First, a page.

It is not only the country's cultural range that informs this work. The wild variation in climate and topography of the United States is staggering. And motorcycling offers a unique perspective on this. Unlike the driver of a car, a motorcyclist is embedded within the landscape, gaining first-hand physical experience of the actual world-an activity that is declining in an increasingly digital culture where the physical distribution of people and goods has steadily become less urgent, if not completely unnecessary. More to the point, one doesn't actually have to travel to see anything anymore. So I am not only documenting this strange and spectacular place, but the act of visiting it as well. The rearview mirror becomes a metaphor for the road trip, as it too recedes into the past.
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(2013-2017) PLATINUM SEA are paintings of fragments of the surface of the North Atlantic ocean, composed in a muted palette made up exclusively of cadmium red light, titanium white and indigo extra. Subtle changes in "temperature" and tone are achieved through minute adjustments to the proportions of these 3 components. The perspective is extreme, often bringing the composition to the brink of abstraction. Situational cues such as a horizon line or light source are intentionally cropped out. What remains is an unbounded section of sensual topography, the actual scale and orientation of which is unknowable and unimportant. This, combined with the essentially fractal nature of this subject matter, fosters an ambiguity that keeps the focus on the materiality of both the subject and the painting.

Throughout, I use my own digital photographs as source imagery. The technology enables me to closely examine things as disparate as the human hand and the ocean with equal facility. Using a device no more powerful or expensive than a cell phone, I can capture a level of detail or moment in time that is not accessible through casual observation. And through careful editing I identify elements or phrases within the larger context that can be at once intimate and universal, timeless and ephemeral. This process mirrors contemporary visual experience, recently described as "The Forever Now" in a painting show of the same name at MoMA. The term refers to a flattening of time into a perpetual present, resulting from the vast, ever-expanding collective memory of the digital age, which blends bits (and bytes) from a seemingly limitless palette of images and information set free from their historical meaning. ............................................................................................................................................................................................................................................

The (2003-2011) BOVINE PORTRAITS IN HEXADECIMAL HUE is a series of large-scale monochromatic oil paintings of cows. The work explores themes of existentialism, vanity and the impact of digital culture on visual experience. Inspiration comes from a wide range of historical portraiture including, but not limited to, the work of Andy Warhol, Diane Arbus, and the spectacularly rendered visions of clergy and wealthy patrons by old masters of the genre such as Rubens and Vermeer.

Each painting begins with a digitally manipulated "head shot" - a hastily captured image of the subject in their natural habitat, encountered on motorcycle trips throughout the US, but mostly in the lower Hudson Valley. The source image is then stripped of extraneous contextual information and edited in the studio where each image is tinted with a single hue chosen from the 216 colors of the basic Web palette. The titles include the "hex" value of that color, a 6 digit piece of code that tells a computer how it should be displayed.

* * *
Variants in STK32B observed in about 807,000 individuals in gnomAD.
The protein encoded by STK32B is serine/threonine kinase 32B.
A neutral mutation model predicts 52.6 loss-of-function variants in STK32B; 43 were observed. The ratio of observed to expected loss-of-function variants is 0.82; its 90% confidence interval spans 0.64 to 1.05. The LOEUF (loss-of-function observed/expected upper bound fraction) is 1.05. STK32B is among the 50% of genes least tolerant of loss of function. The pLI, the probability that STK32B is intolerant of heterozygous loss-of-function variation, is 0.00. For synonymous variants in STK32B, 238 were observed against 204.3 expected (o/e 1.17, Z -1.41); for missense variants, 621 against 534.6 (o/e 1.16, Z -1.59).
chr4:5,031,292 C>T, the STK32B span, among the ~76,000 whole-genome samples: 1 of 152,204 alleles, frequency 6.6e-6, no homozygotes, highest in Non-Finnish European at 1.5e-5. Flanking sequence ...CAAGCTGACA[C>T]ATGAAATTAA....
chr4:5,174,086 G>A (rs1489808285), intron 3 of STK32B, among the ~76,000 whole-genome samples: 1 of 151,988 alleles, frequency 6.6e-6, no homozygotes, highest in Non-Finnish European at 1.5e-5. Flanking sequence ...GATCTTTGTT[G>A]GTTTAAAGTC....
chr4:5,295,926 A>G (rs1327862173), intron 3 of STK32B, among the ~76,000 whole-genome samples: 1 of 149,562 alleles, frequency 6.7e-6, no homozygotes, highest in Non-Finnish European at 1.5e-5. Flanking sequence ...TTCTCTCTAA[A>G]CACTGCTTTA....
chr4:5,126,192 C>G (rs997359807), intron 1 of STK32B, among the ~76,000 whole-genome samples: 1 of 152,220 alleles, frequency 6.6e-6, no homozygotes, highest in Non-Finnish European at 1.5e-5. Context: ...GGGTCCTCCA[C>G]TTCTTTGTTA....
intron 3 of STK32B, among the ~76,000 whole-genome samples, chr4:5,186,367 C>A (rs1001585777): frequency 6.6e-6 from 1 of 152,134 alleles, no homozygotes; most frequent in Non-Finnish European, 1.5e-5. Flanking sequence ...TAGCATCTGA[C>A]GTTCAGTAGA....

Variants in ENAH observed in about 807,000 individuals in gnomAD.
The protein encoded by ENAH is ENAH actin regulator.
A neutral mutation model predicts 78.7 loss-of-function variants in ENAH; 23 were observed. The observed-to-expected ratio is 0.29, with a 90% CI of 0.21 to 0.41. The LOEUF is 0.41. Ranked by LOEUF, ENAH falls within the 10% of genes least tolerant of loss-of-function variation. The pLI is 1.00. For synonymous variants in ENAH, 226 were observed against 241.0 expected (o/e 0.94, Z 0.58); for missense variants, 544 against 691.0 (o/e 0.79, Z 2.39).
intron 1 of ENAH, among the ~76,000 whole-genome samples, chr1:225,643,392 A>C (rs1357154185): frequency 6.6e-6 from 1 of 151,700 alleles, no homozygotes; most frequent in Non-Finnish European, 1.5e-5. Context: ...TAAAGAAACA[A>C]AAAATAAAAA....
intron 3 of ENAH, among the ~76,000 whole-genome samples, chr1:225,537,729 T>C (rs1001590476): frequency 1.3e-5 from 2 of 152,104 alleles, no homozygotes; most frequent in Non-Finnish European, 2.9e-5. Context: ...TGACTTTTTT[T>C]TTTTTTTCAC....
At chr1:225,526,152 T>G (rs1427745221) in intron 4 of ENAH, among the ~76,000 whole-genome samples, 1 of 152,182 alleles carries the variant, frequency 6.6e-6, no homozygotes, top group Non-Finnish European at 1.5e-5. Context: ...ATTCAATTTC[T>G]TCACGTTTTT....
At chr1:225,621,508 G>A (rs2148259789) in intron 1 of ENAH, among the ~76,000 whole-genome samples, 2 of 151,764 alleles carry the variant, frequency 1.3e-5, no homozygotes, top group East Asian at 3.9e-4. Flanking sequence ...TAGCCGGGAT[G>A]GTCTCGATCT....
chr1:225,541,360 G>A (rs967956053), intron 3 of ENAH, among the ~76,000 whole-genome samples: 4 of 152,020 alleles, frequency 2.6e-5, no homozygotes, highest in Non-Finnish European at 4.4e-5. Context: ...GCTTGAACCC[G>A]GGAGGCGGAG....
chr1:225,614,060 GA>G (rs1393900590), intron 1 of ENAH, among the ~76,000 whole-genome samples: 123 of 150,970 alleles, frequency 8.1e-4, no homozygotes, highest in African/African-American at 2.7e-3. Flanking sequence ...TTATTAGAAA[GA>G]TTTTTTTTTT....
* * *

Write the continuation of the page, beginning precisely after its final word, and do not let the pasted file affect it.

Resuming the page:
The individual panels are executed as single self-contained paintings that are created in isolation from the full source image, so every square is essentially an abstract composition of highly detailed nonsense. This was a process that I developed to thwart my tendency towards obsessive rendering - something that interferes with spontaneous mark-making and the "wildness" of painting that I believe is essential to the success of the endeavor.

Initially inspired by a visit to a dairy farm in Buck's County, PA where I was mainly impressed by the size of these creatures, I quickly became captivated the facial "expressions" implied by anatomical idiosyncrasies such as long, luxurious eyelashes and heavy brooding brows that seemed to suggest a wide range of human emotions like fear, tenderness and vulnerability, even anger. Clearly this is projection on my part, one that is often shared by the viewer. But it made me think about how these creatures relate to the genre of portraiture. Historically, portraiture has been largely a tale of the very rich immortalized in self-important displays of wealth and power. In creating these works, I have elevated cattle, a traditional symbol of that wealth, to this same stature. Since embarking upon the project in early 2003, I have completed over 50 Bovine Portraits.

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(2008-ongoing) BETTER LIVING THRU CHEMISTRY is a limited edition sculpture series consisting of brightly colored glass and mixed media capsule-shaped objects tagged with text messages, social media iconography, and the language of pop psychology. Inspired in equal parts by the ubiquitous presence of social media in contemporary culture and the simultaneous rise of direct - to - consumer pharmaceutical marketing, the work pokes fun at the alternately amusing and depressing correlations between the two phenomena as both are enlisted to over - simplify the human condition and expedite contentment with a familiar recipe of instant gratification and seductive packaging. With a nod to the 1960's Dow Chemical advertising campaign and titles like I <3 U (I Love You) and ((H)) (Big Hug), the work calls attention to the absurdity and futility of trying to convey such things in 140 character messages composed in a format that does even not lend itself to the use of punctuation let alone real emotion.